Peter Bukowski: Why draft a player who, if all goes well, won’t even play?
The Packers wouldn’t have Aaron Rodgers if Ted Thompson hadn’t ignored fan desires to improve a playoff team in the waning years of Brett Favre’s career. That becomes the go-to example any time there’s some discussion about Green Bay finding a replacement for Rodgers, now 35 years old and coming off yet another serious injury.
Setting aside, for now, some other obvious differences in those scenarios, the most important one is financial: the Packers are paying Aaron Rodgers to be their quarterback for at least three more years. His dead cap isn’t zero until after the fourth year on his deal, and the team could keep him another season beyond that.
In short, Rodgers is the quarterback of this team for at least three years, probably four. He’s said he wants to play until he’s 40 (and his contract expires after his age-39 season). Taking a quarterback with a high draft pick means hoping that player doesn’t play at all on his rookie deal, or at the very least not until a decision has to be made on his expensive fifth-year option.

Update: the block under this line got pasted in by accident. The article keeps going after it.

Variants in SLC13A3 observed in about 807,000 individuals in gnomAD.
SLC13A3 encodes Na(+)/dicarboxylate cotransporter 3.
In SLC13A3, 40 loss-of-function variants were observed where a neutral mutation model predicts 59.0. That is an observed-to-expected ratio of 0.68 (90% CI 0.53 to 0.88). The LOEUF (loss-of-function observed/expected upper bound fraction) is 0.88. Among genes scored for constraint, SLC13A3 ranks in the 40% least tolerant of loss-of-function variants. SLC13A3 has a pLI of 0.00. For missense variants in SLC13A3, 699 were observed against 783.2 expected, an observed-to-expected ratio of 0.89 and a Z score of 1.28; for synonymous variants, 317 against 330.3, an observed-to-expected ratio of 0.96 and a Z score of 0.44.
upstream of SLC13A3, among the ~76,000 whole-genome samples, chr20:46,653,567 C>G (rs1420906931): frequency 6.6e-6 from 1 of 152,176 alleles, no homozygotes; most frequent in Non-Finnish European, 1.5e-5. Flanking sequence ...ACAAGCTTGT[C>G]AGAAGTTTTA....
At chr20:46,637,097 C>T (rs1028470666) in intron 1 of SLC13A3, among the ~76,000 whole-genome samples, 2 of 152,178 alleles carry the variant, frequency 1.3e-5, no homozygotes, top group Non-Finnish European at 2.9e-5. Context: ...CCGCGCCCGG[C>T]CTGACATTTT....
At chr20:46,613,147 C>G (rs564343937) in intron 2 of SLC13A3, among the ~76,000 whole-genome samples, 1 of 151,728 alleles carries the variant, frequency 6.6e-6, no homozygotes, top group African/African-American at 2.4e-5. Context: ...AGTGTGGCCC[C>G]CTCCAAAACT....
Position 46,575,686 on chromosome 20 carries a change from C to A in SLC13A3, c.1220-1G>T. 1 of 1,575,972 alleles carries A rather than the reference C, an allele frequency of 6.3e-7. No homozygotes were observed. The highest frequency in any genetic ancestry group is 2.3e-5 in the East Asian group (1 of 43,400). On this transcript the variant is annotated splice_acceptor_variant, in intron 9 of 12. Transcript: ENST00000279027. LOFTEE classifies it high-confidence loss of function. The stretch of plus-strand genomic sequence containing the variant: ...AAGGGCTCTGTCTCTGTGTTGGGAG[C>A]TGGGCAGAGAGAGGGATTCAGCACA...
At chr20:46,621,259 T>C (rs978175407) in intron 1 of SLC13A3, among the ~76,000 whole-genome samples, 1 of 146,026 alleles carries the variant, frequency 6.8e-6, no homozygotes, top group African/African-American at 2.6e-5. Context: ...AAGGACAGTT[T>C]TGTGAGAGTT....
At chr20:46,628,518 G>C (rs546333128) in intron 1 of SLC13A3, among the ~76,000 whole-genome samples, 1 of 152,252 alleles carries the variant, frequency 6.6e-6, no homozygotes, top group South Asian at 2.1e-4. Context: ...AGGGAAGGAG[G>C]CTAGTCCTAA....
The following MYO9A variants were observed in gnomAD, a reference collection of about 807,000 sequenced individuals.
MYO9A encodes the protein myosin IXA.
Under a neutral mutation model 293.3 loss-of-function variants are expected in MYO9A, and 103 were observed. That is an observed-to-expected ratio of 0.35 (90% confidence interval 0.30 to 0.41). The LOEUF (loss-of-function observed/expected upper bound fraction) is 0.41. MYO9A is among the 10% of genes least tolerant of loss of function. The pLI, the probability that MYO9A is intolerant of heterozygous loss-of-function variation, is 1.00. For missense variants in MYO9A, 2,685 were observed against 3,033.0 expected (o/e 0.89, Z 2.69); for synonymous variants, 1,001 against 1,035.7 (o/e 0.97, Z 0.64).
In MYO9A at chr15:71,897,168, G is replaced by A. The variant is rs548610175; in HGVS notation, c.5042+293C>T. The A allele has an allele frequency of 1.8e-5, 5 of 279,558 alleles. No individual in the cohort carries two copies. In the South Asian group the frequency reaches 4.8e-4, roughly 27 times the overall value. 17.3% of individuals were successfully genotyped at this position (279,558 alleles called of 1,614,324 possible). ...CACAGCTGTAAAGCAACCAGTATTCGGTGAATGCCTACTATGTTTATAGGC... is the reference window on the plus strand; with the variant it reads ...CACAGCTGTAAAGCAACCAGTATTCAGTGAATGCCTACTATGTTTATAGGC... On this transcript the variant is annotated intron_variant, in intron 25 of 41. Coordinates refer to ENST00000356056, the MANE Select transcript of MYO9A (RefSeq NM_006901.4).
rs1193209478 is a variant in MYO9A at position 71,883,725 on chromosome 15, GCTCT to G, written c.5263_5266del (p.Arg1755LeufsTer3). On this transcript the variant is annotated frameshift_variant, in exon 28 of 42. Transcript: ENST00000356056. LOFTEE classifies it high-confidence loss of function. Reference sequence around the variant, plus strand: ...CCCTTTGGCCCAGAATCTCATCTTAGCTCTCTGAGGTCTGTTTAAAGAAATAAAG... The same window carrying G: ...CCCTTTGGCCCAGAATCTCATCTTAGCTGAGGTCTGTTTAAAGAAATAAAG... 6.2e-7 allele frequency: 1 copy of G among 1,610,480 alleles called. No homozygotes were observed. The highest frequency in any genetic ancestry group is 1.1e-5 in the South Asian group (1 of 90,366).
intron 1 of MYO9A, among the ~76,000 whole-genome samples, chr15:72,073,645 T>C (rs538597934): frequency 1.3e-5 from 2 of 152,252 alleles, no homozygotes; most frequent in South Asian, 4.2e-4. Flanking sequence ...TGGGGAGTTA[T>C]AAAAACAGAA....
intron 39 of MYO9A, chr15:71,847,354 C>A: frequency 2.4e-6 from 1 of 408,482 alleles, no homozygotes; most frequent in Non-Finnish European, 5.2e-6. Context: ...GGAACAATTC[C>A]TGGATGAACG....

Then there’s the question of the value of having a backup, one we can’t even be sure will be ready with extremely limited backup reps under the CBA should he need to play in Rodgers’ stead. DeShone Kizer would almost certainly be more ready to step in for the 2019 season, so the team would already be down a year of value on that rookie contract.
Few things are as valuable in the NFL as a good player on a rookie contract. The balancing of this question seems fairly obvious: a backup player’s value on his rookie contract vs. another top-50 player who can actually help the team win. What is more likely to benefit this team over the course of his rookie contract: a player who starts or at least regularly contributes at a position of need, or a backup quarterback?
Taking Drew Lock at 12 instead of a potential starting offensive tackle or tight end or pass rusher makes no sense given the constraints of the salary cap. Even though Lock would be relatively cheap for four years, he’d only be giving the Packers minimal value. Meanwhile, a starting offensive tackle like Andre Dillard could be a long-term solution at right tackle, prolonging the career of Aaron Rodgers.